For Demaryius Thomas, it needed to be said, not done.
The Broncos’ long-tenured wide receiver was fresh off his worst NFL season since 2012 when his new boss issued a very public challenge.
“I want ‘88’ — that’s what I call him — I want him to be a dominant player all the time,’’ Broncos coach Vance Joseph said in March at the NFL owners’ meetings. “I don’t want him to ease into games. I want him to be a guy. I want him to step out and be a guy. It’s time.’’
Dominant is not what you’d call Thomas last year. He was still very much productive, catching a team-high 90 passes for 1,083 yards, but a nagging hip injury ultimately diminished his explosiveness and ruined his conditioning. Joseph’s call-out topped the trash heap that was 2016.
But the harsh words resonated with the prideful Thomas, who’s grateful Joseph would go there, that he’d have the guts to say what others — such as predecessor Gary Kubiak — might not have.
And on Thursday, he finally responded.
“It’s about time somebody said it,” Thomas remarked following Week 1 of Organized Team Activities. “I am looking forward to facing one-on-one coverage again. There’s going to be a lot of people running wide open in this offense.”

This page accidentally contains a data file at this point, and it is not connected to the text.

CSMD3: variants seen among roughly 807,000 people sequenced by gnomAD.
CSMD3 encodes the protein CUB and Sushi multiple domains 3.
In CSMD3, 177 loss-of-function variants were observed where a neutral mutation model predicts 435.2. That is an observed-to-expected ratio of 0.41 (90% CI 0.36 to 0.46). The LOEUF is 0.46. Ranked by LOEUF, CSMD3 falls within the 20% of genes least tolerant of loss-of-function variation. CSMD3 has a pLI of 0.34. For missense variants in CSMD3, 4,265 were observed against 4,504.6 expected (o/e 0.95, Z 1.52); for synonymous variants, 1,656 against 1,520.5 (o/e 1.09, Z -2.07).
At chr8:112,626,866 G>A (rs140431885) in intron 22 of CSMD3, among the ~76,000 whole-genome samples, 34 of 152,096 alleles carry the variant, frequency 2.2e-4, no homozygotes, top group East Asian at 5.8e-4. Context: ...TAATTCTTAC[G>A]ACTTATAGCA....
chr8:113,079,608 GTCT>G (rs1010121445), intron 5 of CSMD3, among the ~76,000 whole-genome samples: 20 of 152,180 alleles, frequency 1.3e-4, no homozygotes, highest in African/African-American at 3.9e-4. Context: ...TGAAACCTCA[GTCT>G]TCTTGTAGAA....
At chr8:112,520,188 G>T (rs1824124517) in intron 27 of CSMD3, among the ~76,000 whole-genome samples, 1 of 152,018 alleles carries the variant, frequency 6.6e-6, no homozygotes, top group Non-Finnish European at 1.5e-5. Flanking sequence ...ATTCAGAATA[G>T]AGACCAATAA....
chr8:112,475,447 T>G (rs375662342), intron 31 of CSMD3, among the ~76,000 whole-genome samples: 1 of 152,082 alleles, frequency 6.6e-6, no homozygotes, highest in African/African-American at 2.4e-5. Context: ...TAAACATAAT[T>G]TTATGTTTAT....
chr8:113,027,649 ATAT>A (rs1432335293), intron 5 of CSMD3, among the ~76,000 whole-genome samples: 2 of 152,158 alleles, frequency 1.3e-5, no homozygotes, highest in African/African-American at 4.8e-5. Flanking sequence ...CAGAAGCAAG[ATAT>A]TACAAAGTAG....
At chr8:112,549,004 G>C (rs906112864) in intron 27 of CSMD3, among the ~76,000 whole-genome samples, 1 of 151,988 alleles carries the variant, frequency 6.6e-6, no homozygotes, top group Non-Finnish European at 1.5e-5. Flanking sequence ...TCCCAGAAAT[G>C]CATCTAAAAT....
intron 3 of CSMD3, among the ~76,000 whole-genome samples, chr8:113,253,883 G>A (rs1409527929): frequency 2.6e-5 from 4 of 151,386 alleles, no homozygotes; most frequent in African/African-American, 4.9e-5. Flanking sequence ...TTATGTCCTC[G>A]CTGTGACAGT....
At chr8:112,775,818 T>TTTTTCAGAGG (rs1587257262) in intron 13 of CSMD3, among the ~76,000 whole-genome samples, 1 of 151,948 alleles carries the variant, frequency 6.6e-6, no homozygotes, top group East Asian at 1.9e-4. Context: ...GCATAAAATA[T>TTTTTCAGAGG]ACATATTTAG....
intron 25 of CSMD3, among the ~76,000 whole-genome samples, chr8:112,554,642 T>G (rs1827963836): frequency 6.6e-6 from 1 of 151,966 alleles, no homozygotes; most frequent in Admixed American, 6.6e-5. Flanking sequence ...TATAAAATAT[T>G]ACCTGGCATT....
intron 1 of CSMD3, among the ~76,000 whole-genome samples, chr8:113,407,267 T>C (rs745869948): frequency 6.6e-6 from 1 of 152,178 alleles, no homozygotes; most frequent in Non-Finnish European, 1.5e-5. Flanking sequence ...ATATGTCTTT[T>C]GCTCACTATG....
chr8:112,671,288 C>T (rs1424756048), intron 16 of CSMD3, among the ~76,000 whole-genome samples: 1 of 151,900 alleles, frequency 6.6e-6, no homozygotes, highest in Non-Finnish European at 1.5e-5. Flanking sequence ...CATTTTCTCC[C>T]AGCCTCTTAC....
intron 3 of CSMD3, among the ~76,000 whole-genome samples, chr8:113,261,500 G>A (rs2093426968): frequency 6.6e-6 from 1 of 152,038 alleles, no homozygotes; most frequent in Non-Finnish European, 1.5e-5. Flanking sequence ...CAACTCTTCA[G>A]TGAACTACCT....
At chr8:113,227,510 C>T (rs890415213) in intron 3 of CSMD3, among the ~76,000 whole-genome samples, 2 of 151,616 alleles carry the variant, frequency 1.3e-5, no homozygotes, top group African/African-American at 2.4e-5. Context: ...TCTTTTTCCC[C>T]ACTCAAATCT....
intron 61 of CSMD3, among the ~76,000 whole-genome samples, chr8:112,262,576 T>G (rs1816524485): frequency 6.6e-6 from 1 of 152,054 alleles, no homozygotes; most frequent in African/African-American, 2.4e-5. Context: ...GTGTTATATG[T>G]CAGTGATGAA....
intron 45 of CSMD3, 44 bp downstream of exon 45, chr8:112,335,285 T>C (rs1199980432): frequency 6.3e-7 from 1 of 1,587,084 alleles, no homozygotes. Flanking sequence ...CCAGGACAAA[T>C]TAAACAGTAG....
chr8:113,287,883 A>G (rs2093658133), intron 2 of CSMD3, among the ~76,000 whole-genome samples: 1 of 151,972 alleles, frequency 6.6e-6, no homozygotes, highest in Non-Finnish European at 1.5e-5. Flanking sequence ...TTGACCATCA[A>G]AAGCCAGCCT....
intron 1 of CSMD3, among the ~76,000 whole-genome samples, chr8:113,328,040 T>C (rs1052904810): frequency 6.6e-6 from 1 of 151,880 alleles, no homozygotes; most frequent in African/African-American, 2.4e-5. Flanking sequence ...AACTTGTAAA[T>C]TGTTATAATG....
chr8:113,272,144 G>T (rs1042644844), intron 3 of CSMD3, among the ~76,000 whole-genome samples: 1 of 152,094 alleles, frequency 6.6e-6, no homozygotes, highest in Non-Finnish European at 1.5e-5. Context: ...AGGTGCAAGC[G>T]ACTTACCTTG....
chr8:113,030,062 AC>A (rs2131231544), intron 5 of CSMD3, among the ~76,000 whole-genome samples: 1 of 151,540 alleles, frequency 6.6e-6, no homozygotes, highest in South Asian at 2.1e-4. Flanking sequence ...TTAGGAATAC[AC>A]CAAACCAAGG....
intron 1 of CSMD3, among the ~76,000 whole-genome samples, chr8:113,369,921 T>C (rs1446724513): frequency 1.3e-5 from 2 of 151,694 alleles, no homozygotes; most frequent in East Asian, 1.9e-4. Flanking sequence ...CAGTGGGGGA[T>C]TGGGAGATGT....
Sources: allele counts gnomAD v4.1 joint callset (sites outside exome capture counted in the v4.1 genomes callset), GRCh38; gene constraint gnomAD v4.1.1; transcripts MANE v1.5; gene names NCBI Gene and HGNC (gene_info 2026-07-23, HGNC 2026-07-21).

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With the additions of rookie wide receivers Carlos Henderson and Isaiah McKenzie and veteran running back Jamaal Charles, to go with his partner-in-crime Emmanuel Sanders, Thomas should get his wish of man coverage in 2017.
To better hedge his bets, Thomas, now fully healthy, has hit the weight room hard in recent weeks. During Thursday’s press conference, reporters took note of his hulking, tree trunk-like biceps. Funny what some time off could do to the body.
“This is damn near the best I’ve felt in my whole career,” Thomas said. “I am happy to have the old offense back.”
The “old” offense run by “new” coordinator Mike McCoy likely will propel Thomas back into the ranks of the elite, provided he gets a semblance of stable quarterback play. That’s simply the talent Thomas is.
You don’t issue that kind of challenge to just anyone.
“He’s a great player,’’ Joseph said in March. “He can take over a game, but I want his mindset every game to be every game we play to walk on the field and take over the game. Again, running the football will force them to load up the box and give him one-on-one opportunities. I want him to win every one-on-one. I want him to become a leader of our football team.”
If his physique is any indication, Thomas is fully embracing the opportunity.